Today, #45’s top communications person, Ms. Hicks, said sometimes she has to tell “white lies.” I almost threw up.
Forty years ago, I started my career in public relations, way before there were any degrees — other than journalism — supporting the practice. I joined the Public Relations Society of America, studied everything I could find, and went to every conference I could afford. In 1980-something, I studied for and earned my APR — Accredited in Public Relations — from the PRSA, and I was really proud of that. I had posters made of the PRSA Code of Ethics and tried my best to live up to it. Anyone who is interested in learning what public relations is supposed to be about, here is the PRSA Code of Ethics page:
In 1980-something, my tiny PR firm in a small town in NJ won a Silver Anvil award from the PRSA, the highest industry award there is.
Today, I am so glad to be out of this profession. Communications professionals, whether for business, professional practices, non-profits, or governing bodies, is a public relations job. I see hideous distortions of the practice everywhere I look.
I quit my last job, after having been the senior professional in PR at four universities, because my boss told me to lie. The president was a scholar, but he was not an ethical person. I sat in months of Monday senior staff briefings, where worry about loss of enrollment was the main topic. When the enrollment numbers showed a sizable drop, here’s what I was told to say to the media:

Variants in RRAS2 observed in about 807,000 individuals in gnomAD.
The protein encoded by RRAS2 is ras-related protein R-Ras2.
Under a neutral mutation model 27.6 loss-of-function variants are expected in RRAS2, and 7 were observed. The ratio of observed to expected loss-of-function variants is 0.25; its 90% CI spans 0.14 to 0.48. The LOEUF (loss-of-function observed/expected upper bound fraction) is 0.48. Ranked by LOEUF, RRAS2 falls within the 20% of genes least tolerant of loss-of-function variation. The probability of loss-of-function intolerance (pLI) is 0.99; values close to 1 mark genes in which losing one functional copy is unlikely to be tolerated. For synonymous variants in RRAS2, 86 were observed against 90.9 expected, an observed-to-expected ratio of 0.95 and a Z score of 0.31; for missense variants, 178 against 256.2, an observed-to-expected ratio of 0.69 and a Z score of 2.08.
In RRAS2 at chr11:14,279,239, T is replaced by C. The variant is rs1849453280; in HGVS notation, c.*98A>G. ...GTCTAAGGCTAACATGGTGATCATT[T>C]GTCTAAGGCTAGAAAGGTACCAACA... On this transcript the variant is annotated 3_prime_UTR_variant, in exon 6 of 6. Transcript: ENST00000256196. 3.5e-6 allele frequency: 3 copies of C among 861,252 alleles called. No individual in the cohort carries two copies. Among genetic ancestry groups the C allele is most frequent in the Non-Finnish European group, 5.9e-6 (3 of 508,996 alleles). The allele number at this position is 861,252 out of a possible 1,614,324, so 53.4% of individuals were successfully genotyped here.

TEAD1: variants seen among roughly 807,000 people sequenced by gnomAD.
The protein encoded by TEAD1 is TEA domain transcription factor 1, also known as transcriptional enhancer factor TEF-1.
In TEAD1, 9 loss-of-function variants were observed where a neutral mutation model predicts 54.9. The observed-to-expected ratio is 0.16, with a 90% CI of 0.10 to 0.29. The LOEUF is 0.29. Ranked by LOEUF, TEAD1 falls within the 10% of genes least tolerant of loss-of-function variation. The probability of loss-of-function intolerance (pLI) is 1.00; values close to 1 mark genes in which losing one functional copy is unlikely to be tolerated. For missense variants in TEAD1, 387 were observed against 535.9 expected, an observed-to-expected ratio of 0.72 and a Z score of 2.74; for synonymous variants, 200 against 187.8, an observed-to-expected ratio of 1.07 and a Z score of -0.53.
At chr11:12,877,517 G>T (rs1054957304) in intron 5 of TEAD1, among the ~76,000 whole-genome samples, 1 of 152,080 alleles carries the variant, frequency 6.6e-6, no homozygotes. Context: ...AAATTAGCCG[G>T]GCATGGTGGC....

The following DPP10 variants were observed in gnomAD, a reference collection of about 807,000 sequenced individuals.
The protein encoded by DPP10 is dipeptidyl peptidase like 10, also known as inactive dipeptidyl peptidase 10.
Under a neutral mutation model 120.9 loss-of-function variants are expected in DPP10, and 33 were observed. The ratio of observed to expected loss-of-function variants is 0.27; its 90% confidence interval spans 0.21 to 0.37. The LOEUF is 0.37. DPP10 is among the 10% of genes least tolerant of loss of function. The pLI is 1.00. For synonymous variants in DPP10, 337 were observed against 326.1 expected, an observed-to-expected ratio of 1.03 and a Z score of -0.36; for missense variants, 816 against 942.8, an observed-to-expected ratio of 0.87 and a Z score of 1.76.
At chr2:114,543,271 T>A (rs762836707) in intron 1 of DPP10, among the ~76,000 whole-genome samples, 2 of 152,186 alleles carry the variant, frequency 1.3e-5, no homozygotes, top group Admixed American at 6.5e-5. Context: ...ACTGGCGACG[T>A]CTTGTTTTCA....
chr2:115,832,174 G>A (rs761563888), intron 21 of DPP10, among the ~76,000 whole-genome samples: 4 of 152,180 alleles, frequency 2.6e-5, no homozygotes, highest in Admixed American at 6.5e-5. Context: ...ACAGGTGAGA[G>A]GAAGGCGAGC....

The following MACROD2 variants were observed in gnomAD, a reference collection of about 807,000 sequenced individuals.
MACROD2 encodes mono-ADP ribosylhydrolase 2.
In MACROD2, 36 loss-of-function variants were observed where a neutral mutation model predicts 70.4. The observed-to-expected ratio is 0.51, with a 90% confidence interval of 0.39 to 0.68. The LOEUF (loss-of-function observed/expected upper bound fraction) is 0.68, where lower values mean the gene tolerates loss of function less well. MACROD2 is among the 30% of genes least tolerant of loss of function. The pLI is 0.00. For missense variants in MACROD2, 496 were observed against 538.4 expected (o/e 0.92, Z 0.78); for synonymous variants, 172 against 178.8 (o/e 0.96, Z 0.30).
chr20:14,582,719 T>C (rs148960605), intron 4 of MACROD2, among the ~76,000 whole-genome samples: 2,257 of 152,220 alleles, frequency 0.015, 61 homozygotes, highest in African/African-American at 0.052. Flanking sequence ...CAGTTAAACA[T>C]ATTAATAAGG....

“We planned for this drop in enrollment so we could keep our rising costs down.”
I looked this man in the face and told him NO. Under no circumstances would I lie. His face got red and he dismissed me. And by “dismissed,” I mean it looked like I could keep my job and title, but he would be handling his own PR. This is a common practice in higher education; people are hardly ever fired, but are simply put aside and ignored.
Within two weeks, I resigned. I should not have had to do this.
Today, if anyone in #45’s staff tells him “no,” that person will be out the door. What this means is that there is zero credibility for anything — news, statistics, explanations, policy statements, tweets etc. — spewing from that office. We must assume it is all lies, white or otherwise.
Anyone want to argue with me on this?